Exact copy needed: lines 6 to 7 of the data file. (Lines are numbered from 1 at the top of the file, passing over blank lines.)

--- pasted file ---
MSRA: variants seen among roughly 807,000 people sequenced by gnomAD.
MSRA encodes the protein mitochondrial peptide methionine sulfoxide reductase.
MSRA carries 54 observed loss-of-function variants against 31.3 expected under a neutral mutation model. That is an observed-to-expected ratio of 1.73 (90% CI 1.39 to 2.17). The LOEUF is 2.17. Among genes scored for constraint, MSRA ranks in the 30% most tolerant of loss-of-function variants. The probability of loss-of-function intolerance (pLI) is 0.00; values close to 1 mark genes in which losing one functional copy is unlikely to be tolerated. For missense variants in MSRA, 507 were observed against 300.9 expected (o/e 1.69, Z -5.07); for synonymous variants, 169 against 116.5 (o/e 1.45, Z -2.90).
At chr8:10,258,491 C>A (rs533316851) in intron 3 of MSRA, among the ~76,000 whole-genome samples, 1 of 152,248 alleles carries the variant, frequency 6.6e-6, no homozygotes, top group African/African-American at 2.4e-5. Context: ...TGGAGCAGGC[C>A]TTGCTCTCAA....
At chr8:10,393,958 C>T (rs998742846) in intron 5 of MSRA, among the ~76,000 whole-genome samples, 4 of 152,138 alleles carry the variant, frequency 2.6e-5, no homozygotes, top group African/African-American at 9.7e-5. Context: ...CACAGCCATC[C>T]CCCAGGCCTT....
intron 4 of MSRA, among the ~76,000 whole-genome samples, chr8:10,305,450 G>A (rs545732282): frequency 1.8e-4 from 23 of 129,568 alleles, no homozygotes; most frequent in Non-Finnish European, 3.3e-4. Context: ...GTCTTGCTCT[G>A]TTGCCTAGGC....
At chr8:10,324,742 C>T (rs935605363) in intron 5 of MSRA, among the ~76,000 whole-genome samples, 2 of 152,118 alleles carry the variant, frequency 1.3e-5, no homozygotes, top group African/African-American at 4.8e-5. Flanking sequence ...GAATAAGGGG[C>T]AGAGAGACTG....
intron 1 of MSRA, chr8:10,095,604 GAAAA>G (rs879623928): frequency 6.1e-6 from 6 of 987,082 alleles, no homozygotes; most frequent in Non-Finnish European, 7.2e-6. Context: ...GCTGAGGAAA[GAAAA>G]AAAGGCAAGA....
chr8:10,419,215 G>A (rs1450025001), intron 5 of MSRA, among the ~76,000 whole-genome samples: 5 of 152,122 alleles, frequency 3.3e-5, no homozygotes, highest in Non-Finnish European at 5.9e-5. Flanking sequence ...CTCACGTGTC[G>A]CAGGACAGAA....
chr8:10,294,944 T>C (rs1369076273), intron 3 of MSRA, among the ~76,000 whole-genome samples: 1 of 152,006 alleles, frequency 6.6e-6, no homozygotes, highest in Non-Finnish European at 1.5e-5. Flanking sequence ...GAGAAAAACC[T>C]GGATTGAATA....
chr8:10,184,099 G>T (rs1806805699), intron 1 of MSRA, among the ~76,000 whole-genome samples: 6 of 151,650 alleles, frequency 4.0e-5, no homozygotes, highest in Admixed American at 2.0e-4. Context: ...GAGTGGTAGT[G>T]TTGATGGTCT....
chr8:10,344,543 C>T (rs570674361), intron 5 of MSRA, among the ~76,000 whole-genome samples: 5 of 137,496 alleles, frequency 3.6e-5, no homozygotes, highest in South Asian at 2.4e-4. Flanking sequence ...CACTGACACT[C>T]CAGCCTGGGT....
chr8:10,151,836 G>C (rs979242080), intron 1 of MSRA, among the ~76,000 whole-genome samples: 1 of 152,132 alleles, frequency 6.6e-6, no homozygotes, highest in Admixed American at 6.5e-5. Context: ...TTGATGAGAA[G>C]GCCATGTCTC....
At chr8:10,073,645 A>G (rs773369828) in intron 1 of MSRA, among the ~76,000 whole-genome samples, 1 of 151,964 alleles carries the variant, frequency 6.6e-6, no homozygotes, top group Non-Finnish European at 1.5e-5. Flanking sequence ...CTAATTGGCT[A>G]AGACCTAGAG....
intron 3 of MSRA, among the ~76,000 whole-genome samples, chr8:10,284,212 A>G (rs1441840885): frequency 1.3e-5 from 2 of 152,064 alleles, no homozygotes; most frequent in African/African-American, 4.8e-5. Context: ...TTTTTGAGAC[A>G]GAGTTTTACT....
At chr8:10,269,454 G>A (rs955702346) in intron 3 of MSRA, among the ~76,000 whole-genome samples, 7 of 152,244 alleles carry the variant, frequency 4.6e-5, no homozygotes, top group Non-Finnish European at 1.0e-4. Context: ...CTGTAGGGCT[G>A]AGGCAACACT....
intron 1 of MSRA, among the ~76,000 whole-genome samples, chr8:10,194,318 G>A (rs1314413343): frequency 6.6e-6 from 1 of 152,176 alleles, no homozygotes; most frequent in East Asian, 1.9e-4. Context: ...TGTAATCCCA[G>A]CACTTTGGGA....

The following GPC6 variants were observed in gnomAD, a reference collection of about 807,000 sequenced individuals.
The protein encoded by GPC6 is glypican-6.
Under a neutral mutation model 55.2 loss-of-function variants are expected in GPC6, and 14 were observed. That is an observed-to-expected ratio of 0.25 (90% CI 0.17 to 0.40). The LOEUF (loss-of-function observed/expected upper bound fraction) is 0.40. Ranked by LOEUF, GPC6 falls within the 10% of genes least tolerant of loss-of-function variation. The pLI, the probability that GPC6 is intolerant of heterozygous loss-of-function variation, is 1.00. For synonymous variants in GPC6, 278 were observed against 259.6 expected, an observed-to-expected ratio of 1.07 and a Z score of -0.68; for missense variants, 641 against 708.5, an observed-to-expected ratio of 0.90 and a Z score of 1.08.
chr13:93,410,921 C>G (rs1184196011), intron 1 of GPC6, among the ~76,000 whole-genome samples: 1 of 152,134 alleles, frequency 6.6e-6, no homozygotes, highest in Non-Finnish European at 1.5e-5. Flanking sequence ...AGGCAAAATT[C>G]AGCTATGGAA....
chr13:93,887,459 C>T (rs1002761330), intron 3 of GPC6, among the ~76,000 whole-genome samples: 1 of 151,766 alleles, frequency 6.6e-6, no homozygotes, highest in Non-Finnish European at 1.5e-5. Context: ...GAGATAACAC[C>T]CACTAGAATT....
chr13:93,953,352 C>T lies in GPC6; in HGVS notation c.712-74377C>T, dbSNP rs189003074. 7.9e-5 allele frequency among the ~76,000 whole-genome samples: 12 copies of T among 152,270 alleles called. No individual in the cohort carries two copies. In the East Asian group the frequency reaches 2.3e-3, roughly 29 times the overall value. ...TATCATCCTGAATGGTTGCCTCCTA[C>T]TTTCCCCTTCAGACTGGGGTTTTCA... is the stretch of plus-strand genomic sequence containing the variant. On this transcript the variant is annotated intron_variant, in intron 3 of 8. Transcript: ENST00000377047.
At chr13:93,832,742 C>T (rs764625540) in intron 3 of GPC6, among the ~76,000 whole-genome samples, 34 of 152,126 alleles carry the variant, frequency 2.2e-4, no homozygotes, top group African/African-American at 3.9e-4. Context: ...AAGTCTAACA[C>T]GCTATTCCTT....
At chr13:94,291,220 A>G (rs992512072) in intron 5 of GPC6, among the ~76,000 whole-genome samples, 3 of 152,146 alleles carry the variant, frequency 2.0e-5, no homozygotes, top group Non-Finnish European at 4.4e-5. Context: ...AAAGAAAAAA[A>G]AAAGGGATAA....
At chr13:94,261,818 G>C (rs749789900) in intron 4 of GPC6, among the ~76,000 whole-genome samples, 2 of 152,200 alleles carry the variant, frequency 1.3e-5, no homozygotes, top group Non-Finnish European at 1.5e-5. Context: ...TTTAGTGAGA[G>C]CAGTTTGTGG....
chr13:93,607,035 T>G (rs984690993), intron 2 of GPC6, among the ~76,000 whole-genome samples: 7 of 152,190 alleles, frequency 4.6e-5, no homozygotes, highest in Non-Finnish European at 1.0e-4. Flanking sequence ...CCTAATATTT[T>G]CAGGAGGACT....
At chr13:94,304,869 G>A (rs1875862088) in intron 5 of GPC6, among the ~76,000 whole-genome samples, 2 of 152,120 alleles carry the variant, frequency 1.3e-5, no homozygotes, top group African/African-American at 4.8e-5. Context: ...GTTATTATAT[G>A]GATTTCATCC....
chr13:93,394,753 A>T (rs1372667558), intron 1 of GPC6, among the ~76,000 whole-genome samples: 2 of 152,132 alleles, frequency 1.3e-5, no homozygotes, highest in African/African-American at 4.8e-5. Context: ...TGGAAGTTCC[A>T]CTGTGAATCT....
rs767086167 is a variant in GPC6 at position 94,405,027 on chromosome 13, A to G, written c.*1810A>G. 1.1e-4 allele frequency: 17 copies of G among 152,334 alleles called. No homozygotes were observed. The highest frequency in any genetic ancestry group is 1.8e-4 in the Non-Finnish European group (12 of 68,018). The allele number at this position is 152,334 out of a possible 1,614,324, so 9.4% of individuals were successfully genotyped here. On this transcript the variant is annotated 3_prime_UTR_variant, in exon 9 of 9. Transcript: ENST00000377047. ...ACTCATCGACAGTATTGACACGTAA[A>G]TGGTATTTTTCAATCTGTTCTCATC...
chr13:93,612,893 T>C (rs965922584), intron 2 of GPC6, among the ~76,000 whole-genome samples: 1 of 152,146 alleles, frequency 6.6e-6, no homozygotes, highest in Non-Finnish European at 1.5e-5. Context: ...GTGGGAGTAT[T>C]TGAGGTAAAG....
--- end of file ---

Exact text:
intron 4 of MSRA, among the ~76,000 whole-genome samples, chr8:10,305,450 G>A (rs545732282): frequency 1.8e-4 from 23 of 129,568 alleles, no homozygotes; most frequent in Non-Finnish European, 3.3e-4. Context: ...GTCTTGCTCT[G>A]TTGCCTAGGC....
At chr8:10,324,742 C>T (rs935605363) in intron 5 of MSRA, among the ~76,000 whole-genome samples, 2 of 152,118 alleles carry the variant, frequency 1.3e-5, no homozygotes, top group African/African-American at 4.8e-5. Flanking sequence ...GAATAAGGGG[C>T]AGAGAGACTG....